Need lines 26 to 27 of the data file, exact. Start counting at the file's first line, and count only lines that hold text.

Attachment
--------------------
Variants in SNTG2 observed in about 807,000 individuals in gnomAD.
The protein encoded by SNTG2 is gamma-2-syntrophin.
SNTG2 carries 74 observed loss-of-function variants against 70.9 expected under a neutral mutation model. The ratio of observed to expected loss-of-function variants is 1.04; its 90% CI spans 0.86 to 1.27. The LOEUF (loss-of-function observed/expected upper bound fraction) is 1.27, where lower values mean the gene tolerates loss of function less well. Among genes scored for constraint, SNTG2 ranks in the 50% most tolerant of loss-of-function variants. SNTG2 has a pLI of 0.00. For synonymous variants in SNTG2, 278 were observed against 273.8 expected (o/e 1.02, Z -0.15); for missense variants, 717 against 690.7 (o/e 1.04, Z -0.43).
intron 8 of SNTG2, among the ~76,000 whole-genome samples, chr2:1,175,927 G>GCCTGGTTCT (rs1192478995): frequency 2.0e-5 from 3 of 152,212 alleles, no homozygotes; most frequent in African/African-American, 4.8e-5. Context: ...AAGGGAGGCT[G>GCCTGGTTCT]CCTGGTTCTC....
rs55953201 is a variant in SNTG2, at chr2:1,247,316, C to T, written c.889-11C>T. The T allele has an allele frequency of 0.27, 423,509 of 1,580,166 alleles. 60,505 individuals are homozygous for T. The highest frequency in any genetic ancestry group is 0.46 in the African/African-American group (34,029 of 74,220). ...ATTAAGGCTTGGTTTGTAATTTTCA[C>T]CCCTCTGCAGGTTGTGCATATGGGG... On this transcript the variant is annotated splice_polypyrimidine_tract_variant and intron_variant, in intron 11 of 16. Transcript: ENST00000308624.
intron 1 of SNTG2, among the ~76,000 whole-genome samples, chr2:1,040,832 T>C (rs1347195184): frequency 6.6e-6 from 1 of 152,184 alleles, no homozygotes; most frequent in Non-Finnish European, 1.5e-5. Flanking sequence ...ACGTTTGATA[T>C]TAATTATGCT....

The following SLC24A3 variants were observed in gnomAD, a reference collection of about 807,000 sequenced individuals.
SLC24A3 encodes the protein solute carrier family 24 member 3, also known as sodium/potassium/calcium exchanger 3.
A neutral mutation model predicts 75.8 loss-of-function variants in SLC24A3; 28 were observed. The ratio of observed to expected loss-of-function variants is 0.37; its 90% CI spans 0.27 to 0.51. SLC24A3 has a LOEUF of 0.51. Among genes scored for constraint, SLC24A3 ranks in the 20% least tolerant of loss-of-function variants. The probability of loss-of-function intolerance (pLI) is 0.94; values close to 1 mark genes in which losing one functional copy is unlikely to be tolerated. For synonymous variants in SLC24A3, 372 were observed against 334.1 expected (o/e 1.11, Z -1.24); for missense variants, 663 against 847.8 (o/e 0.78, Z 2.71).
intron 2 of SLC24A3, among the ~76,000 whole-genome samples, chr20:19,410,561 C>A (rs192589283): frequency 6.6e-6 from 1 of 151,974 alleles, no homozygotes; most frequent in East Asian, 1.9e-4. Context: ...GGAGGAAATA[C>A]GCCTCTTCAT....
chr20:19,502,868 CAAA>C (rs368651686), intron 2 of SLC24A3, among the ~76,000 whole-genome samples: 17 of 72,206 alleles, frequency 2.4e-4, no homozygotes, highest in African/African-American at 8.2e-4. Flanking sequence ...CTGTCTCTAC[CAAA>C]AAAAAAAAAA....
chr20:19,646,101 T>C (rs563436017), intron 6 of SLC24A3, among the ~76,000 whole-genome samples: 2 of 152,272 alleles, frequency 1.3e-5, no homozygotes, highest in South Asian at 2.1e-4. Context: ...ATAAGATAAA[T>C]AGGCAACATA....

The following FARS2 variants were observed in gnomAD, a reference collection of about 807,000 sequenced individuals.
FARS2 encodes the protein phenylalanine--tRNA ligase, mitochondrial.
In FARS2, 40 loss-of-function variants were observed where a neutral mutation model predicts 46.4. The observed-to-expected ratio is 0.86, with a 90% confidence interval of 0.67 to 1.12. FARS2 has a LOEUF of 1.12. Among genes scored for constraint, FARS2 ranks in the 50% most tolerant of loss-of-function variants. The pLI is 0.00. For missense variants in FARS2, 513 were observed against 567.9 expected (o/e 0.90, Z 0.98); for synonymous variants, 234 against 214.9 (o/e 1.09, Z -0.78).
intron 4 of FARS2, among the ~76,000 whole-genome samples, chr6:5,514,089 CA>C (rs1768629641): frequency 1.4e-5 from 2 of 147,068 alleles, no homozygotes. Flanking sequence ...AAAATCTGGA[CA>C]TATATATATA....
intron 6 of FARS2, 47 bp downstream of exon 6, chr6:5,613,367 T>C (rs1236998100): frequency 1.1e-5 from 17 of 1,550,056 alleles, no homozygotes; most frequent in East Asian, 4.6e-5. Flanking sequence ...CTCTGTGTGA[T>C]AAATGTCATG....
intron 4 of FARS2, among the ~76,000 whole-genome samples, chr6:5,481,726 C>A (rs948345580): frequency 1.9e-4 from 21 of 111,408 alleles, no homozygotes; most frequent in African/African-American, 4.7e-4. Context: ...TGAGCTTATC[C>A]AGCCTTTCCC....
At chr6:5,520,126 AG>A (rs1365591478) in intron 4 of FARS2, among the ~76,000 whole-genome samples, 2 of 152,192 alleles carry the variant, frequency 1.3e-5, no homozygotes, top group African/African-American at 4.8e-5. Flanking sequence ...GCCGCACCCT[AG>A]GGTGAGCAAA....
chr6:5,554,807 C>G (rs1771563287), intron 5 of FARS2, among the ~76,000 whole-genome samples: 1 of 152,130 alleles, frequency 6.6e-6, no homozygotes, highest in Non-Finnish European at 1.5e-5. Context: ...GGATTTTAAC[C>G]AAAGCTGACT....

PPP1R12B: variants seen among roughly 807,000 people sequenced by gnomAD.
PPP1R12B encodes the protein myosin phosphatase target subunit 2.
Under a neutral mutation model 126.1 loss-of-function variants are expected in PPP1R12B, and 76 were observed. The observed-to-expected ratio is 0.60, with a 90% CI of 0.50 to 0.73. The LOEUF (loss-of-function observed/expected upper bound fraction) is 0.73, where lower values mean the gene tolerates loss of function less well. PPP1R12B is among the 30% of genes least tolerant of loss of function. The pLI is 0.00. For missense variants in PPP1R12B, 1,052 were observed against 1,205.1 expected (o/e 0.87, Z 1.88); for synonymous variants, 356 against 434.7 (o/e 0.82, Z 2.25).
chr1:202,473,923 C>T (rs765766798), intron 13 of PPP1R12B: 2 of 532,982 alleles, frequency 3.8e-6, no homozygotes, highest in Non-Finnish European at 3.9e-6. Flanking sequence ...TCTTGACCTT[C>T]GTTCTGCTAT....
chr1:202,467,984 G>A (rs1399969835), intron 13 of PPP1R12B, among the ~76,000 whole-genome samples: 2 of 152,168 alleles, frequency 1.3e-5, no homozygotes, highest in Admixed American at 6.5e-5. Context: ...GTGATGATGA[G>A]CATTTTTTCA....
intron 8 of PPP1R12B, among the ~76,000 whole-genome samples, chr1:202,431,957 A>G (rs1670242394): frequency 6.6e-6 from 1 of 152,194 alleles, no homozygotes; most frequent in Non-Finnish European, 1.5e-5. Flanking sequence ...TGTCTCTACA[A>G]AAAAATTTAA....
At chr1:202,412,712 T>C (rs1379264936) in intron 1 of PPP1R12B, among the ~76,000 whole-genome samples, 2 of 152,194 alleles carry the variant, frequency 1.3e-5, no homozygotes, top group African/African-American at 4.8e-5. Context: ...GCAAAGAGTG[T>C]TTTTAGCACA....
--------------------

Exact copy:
intron 8 of PPP1R12B, among the ~76,000 whole-genome samples, chr1:202,431,957 A>G (rs1670242394): frequency 6.6e-6 from 1 of 152,194 alleles, no homozygotes; most frequent in Non-Finnish European, 1.5e-5. Flanking sequence ...TGTCTCTACA[A>G]AAAAATTTAA....
At chr1:202,412,712 T>C (rs1379264936) in intron 1 of PPP1R12B, among the ~76,000 whole-genome samples, 2 of 152,194 alleles carry the variant, frequency 1.3e-5, no homozygotes, top group African/African-American at 4.8e-5. Context: ...GCAAAGAGTG[T>C]TTTTAGCACA....